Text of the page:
For 30 years of his life, Carl Levin has served Michigan as a United States senator.
The 75-year-old Detroit Democrat is serving his sixth consecutive six-year term, and his current committee assignments include chairmanship of the powerful Senate Armed Services Committee.
Levin has been Michigan’s senior senator since 1995, and is this state’s longest-serving member of the upper chamber.
Levin has brought his rich public service background to his membership on the Senate Small Business Committee, which recently passed a bill to increase loans to small businesses and provide small-business owners with more flexible financing options.
The Senate legislation is known officially as the Small Business Job Creation and Access to Capital Act of 2009. The full Senate will take up the bill after the holidays. The House has passed jobs bill legislation, which Senate supporters hope can be merged with their bill, whose provisions would:
• Increase loan limits in several categories.
• Permit the refinancing of short-term commercial real estate debt into long-term, fixed-rate loans.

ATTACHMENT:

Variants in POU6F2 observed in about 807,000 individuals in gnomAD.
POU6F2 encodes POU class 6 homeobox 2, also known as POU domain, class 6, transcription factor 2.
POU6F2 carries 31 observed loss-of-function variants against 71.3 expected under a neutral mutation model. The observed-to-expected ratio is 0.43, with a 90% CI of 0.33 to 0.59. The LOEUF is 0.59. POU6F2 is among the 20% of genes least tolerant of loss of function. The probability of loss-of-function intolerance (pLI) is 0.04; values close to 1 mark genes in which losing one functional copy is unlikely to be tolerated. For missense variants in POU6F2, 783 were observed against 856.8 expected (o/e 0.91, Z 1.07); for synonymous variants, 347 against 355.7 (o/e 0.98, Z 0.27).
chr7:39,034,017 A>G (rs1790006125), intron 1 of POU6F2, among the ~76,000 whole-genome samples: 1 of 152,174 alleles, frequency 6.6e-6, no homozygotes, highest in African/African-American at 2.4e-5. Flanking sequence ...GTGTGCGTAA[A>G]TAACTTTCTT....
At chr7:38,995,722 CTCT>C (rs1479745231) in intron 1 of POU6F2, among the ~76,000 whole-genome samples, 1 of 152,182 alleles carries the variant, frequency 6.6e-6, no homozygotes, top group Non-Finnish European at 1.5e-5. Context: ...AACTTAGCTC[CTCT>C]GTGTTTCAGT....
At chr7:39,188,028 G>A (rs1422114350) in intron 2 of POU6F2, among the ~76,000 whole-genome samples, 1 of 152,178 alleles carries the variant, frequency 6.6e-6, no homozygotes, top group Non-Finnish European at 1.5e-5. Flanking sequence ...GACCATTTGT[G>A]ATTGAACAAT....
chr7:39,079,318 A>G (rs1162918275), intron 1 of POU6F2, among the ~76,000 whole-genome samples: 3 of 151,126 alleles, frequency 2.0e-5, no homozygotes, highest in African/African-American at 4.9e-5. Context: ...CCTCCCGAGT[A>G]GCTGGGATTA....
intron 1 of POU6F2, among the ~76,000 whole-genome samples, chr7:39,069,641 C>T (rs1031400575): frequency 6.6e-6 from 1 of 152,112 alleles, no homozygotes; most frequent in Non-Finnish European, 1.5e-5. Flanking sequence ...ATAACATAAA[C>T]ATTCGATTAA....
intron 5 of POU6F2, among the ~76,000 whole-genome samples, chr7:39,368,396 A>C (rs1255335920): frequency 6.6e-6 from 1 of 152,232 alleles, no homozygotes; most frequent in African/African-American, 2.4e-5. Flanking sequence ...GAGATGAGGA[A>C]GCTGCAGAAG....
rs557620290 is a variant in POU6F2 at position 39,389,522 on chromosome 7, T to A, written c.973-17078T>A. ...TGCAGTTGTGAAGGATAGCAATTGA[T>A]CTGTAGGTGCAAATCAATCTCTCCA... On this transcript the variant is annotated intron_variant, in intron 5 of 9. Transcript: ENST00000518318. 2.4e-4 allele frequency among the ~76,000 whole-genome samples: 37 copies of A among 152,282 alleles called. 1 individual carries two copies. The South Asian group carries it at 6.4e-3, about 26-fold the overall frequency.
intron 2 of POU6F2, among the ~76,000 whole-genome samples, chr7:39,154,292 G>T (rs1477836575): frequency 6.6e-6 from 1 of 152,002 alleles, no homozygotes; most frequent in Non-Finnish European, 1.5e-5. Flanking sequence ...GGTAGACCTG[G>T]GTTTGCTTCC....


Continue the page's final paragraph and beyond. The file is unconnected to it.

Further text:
• Extend authorization to provide 90 percent guarantees on various loans and eliminate fees for some borrowers.
• Direct the Small Business Administration (SBA) to open a Web site on which small businesses can identify lenders and their communities, and compare rates.
For a very long time, this newspaper has been a strong supporter of small business, and frequently has called attention to its strengths and its enormous impact on our national and state economies.
Once again, let us emphasize the importance of small business. According to the SBA, 99 percent of all independent enterprises in the U.S. employ fewer than 500 workers. These operations account for well over half of all American workers, according to the SBA.
Understandably, Levin is happy over the committee passage. “Small businesses create jobs that will lead us out of this economic downturn,” he remarked. “But the difficulty getting credit has devastated small businesses across the country. “We have encouraged banks to lend to small businesses, but more needs to be done. This bill takes some additional steps to help provide small businesses with access to the capital they need to operate and create jobs.”
Although Levin’s longevity and experience enhance his value to our state, he would be the first to emphasize that job creation transcends partisan politics. Indeed, it would be refreshing to see members of Congress on both sides of the aisle join forces to help put millions of Americans back to work.
— KALAMAZOO GAZETTE